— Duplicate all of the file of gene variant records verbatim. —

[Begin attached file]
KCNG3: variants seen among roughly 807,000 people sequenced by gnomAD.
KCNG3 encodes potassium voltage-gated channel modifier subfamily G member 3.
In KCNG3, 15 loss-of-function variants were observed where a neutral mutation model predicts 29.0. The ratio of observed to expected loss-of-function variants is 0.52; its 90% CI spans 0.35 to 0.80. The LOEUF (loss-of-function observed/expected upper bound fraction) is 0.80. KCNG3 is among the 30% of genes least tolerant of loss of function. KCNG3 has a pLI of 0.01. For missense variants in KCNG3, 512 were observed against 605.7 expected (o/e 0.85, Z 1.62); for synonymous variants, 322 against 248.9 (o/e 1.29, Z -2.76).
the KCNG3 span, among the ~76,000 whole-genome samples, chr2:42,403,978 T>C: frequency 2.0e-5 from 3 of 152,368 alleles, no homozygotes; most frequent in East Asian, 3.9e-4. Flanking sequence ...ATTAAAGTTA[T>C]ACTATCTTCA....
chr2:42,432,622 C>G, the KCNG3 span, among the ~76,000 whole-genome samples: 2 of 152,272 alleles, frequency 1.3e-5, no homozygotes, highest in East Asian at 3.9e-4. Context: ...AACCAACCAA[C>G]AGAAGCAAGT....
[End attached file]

KCNG3: variants seen among roughly 807,000 people sequenced by gnomAD.
KCNG3 encodes potassium voltage-gated channel modifier subfamily G member 3.
In KCNG3, 15 loss-of-function variants were observed where a neutral mutation model predicts 29.0. The ratio of observed to expected loss-of-function variants is 0.52; its 90% CI spans 0.35 to 0.80. The LOEUF (loss-of-function observed/expected upper bound fraction) is 0.80. KCNG3 is among the 30% of genes least tolerant of loss of function. KCNG3 has a pLI of 0.01. For missense variants in KCNG3, 512 were observed against 605.7 expected (o/e 0.85, Z 1.62); for synonymous variants, 322 against 248.9 (o/e 1.29, Z -2.76).
the KCNG3 span, among the ~76,000 whole-genome samples, chr2:42,403,978 T>C: frequency 2.0e-5 from 3 of 152,368 alleles, no homozygotes; most frequent in East Asian, 3.9e-4. Flanking sequence ...ATTAAAGTTA[T>C]ACTATCTTCA....
chr2:42,432,622 C>G, the KCNG3 span, among the ~76,000 whole-genome samples: 2 of 152,272 alleles, frequency 1.3e-5, no homozygotes, highest in East Asian at 3.9e-4. Context: ...AACCAACCAA[C>G]AGAAGCAAGT....